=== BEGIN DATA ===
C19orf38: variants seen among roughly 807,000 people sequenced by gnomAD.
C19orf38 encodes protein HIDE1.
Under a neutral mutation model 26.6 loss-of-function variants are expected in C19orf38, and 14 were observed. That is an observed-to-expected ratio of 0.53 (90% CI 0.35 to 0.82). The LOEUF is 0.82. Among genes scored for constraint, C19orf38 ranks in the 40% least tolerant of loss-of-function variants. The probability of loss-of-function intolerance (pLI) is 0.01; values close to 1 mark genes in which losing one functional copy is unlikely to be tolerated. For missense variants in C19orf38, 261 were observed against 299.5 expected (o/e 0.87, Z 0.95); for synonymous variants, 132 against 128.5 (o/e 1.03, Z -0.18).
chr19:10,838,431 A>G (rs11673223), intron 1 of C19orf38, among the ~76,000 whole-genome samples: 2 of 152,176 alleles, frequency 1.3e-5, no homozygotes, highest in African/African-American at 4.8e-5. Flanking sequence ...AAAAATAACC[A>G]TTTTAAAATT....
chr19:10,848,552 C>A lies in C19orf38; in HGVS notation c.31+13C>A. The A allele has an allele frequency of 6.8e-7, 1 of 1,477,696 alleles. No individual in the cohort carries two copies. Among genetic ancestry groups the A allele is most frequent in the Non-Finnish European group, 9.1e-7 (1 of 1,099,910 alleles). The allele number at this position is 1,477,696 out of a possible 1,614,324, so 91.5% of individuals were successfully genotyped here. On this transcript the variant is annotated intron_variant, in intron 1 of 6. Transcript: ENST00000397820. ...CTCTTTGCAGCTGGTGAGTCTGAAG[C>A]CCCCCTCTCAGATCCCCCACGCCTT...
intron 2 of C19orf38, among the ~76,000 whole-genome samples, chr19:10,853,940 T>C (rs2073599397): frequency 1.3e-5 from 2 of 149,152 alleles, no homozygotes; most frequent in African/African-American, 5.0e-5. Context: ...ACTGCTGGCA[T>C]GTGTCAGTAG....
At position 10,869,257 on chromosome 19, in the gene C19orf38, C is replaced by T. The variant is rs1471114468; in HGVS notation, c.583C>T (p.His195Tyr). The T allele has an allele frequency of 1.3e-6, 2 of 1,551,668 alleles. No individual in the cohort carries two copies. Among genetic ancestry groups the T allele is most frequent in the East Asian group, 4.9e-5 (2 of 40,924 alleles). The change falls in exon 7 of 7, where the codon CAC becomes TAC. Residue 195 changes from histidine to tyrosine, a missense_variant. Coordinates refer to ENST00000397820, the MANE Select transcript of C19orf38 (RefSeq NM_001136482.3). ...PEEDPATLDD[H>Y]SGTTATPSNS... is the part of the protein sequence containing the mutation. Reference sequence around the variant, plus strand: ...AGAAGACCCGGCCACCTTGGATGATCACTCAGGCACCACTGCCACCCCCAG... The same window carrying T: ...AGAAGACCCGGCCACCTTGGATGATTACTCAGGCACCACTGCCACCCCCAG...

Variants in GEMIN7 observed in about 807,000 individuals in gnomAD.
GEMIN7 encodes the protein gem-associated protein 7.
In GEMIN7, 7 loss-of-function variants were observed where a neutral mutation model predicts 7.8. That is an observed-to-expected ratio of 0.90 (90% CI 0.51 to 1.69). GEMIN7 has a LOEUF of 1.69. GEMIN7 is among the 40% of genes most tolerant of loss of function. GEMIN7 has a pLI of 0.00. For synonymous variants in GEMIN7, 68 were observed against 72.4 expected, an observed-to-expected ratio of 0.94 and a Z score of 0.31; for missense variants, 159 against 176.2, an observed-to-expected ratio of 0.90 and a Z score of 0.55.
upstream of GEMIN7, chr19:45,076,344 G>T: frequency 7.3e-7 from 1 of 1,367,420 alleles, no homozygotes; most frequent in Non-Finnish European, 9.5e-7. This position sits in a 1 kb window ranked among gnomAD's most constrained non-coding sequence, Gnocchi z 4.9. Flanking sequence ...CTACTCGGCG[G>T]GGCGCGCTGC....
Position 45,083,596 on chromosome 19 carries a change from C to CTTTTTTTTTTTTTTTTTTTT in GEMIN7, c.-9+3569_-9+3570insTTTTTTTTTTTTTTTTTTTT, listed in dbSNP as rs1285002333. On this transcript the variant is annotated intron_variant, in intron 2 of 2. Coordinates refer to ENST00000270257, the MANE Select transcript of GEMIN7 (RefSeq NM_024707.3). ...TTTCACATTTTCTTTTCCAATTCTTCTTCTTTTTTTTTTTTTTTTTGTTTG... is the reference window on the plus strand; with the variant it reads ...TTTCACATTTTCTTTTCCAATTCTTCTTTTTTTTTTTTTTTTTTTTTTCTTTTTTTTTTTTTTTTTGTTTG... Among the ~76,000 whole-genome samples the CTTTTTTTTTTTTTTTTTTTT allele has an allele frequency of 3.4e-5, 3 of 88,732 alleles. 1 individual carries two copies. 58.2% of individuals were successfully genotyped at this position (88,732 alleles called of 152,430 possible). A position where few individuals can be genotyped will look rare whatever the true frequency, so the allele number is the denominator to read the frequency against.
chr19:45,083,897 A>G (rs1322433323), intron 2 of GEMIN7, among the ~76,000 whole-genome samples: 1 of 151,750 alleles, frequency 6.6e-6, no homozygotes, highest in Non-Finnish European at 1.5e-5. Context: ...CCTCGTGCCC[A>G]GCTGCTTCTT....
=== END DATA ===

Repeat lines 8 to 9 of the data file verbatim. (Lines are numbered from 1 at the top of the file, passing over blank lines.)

Variants in GEMIN7 observed in about 807,000 individuals in gnomAD.
GEMIN7 encodes the protein gem-associated protein 7.